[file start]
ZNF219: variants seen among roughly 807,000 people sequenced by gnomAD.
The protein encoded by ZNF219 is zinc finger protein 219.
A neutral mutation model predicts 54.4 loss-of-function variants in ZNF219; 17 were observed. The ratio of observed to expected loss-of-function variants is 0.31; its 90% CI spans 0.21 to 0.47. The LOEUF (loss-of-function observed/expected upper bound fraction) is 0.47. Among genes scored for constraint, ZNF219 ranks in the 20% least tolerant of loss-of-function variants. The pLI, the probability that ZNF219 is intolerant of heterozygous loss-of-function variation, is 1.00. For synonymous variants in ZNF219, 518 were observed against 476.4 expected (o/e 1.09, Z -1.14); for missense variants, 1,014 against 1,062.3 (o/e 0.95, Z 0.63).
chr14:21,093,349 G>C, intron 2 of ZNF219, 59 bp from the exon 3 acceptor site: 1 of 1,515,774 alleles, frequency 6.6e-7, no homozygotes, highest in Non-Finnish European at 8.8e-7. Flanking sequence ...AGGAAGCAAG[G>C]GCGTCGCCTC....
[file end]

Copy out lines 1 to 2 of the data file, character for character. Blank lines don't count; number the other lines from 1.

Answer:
ZNF219: variants seen among roughly 807,000 people sequenced by gnomAD.
The protein encoded by ZNF219 is zinc finger protein 219.